At a Glance
The debt snowball and debt consolidation methods are two popular ways of paying off debt. This article will discuss each method in detail and help you decide which one might be the best fit for your financial needs.
- Debt snowball vs consolidation
- What’s debt consolidation?
- What’s the debt snowball method?
- Debt consolidation vs snowball: the bottom line
So, there are way too many options to pay off debt smartly. That’s where Credello comes in. Take this quiz to figure out what could be right for you!
Paying off debt can feel overwhelming, especially if you’re facing a mountain of unpaid bills. Shoving them into a closet might make you feel better for a couple of hours, but unfortunately that doesn’t count as a way to actually eliminate debt.
Debt snowball vs. consolidation
Selecting a repayment strategy can help you tackle your debt and achieve financial freedom. But which strategy is the best choice for you? In this article, we’ll discuss the debt consolidation loan vs. debt snowball methods.
What’s debt consolidation?
Debt consolidation is when you combine multiple debt payments into just one monthly bill. There are two ways to do it:
- Get a balance transfer card with 0% interest promotional period: You’ll move all of your debts onto the card and pay the entire balance during the card’s 0% APR promo period. Note that once the promotional period is over, the regular interest rate will kick in.
- Get a debt consolidation loan: You’ll use a fixed-rate debt consolidation loan to pay off your debt, and then pay the loan back in installments.
Pros of debt consolidation
Advantages of debt consolidation include the fact that it simplifies how you pay your bills since you only need to make one payment each month. It can also save you money since you’re hopefully securing a lower interest rate.
Cons of debt consolidation
Disadvantages of debt consolidation include that securing a lower interest rate isn’t guaranteed. Plus, consolidating your bills often lengthens the term of your loan, meaning you might wind up paying more in the long run. If you don’t have good financial habits, you could actually end up in deeper debt with debt consolidation. After all, it isn’t eliminating your debt as much as restructuring it.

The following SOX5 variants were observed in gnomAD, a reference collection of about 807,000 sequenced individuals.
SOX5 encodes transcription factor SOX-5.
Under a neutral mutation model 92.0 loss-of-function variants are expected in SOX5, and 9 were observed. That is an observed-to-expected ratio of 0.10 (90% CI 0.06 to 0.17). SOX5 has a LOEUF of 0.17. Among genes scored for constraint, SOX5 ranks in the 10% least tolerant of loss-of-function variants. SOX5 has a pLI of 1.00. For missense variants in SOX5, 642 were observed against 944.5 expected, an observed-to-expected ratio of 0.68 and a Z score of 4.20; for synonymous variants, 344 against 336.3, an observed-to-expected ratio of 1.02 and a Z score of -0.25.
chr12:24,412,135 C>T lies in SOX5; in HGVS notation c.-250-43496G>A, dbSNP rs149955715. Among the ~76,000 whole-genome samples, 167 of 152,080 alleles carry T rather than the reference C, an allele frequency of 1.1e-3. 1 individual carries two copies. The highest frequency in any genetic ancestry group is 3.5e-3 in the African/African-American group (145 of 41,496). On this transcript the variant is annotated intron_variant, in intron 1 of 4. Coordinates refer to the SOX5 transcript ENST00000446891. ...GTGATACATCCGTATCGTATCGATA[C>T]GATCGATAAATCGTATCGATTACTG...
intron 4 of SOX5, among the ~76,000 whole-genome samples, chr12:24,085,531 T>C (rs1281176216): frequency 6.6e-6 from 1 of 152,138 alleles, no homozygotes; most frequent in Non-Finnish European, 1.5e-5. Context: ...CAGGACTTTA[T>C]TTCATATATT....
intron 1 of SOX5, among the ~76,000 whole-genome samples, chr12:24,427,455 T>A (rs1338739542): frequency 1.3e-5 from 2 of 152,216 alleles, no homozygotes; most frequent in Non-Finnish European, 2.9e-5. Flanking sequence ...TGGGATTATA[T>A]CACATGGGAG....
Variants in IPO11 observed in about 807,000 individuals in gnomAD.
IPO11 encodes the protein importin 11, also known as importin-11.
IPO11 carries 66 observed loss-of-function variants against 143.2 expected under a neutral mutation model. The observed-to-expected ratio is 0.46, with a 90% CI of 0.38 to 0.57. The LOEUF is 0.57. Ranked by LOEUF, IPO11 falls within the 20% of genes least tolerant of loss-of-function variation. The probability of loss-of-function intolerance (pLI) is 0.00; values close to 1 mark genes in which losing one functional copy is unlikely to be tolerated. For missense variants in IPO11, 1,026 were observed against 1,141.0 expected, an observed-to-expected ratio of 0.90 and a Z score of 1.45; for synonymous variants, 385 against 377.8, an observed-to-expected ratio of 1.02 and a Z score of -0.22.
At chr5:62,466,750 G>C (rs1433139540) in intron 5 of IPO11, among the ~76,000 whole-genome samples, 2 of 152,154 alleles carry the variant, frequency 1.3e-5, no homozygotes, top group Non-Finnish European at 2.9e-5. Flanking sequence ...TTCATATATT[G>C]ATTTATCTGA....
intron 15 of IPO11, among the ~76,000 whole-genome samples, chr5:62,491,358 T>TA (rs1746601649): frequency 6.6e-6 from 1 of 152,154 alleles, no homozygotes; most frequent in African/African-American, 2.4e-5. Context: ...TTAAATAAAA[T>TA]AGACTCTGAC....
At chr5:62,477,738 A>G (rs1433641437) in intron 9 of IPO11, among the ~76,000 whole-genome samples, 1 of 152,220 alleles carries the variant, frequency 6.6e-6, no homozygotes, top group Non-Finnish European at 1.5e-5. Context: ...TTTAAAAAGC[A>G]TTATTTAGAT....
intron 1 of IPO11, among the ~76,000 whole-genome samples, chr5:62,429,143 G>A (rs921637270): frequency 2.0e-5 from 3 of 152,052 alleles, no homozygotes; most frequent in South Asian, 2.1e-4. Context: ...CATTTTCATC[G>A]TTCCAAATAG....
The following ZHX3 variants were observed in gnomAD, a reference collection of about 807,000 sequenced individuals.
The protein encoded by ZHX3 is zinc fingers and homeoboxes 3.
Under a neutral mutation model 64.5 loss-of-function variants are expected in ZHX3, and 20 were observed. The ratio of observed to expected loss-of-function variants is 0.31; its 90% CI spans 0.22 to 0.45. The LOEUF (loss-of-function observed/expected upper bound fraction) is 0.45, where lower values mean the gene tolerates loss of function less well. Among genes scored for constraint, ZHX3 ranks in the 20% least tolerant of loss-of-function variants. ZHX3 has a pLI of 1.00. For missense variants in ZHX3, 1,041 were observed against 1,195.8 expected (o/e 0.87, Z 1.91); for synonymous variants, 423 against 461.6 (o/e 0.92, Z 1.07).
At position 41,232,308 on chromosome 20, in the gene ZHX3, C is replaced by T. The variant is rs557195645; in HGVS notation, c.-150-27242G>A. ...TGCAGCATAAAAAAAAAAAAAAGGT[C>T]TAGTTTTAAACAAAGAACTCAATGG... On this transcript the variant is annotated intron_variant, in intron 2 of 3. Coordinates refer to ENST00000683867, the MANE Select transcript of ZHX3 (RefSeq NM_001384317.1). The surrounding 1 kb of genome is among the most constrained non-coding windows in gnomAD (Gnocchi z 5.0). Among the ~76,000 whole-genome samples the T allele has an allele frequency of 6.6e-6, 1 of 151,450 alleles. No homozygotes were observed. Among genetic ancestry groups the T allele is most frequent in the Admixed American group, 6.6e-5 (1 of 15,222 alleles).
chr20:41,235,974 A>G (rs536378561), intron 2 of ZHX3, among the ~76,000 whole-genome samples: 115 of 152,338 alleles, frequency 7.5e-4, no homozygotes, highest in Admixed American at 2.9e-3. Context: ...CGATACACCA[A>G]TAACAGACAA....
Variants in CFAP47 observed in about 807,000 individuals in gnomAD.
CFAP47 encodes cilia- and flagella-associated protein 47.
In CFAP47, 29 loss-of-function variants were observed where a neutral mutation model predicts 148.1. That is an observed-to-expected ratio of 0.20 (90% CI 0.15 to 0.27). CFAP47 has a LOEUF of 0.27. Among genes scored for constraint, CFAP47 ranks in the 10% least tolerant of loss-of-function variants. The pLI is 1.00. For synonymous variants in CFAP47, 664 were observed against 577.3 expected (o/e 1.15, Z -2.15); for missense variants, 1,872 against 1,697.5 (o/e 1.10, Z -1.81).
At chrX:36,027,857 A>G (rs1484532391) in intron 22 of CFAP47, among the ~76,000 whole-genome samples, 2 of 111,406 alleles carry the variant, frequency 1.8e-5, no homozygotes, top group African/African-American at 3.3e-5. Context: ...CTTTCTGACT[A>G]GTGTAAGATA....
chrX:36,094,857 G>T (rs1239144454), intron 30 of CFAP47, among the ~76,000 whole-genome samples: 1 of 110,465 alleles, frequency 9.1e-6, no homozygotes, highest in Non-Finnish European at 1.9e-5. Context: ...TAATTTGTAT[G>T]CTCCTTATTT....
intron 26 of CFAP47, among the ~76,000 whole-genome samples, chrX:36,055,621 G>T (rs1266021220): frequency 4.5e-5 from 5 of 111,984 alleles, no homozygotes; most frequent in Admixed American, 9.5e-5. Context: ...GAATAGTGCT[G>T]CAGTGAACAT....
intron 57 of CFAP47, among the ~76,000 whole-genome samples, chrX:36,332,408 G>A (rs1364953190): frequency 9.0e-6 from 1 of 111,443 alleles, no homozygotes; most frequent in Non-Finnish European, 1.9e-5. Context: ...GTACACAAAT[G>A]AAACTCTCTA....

Is debt consolidation a good fit for you?
Debt consolidation might be a good fit for you if:
- You’re currently making minimum payments on multiple credit cards or loans
- You have good credit to qualify for a low-interest loan or 0% APR balance transfer card
- You have a plan in place to improve your financial habits.
What’s the debt snowball method?
The snowball method is a debt repayment plan in which you make the minimum payments on all of your loans but put extra money toward the loan with the lowest balance. Once that loan is fully paid off, you’ll put extra money toward the loan with the next lowest balance, and so on.
Related: How to Snowball Debt
Pros of the snowball method
The major advantage of the snowball method is that it gives you an extra dose of motivation to pay off your debt. Knocking off payments can give tangible evidence of your repayment success and keep you on track with your financial goals.
Cons of the snowball method
The biggest downside of the snowball method is that it won’t help you save on interest. Since your main focus is on the debt with the smallest balance, you’ll still be paying interest on your largest balances.
Is debt snowball a good fit for you?
The snowball method might be right for you if you lack motivation to pay off your debt. Quick wins can keep you on track for repayment success, as long as you track your progress, which a tool like a debt snowball calculator can help with.
Related: How to Start a Debt Snowball
Debt consolidation vs. snowball: The bottom line
Debt consolidation and the debt snowball method can both help you with your debt. If you have a stable income and a plan to better your spending habits, debt consolidation might work for you. If you need more motivation to get started with paying off debt, you may want to go with the snowball method.
Recommended: 7 Debt Snowball Mistakes (and How to Avoid Them)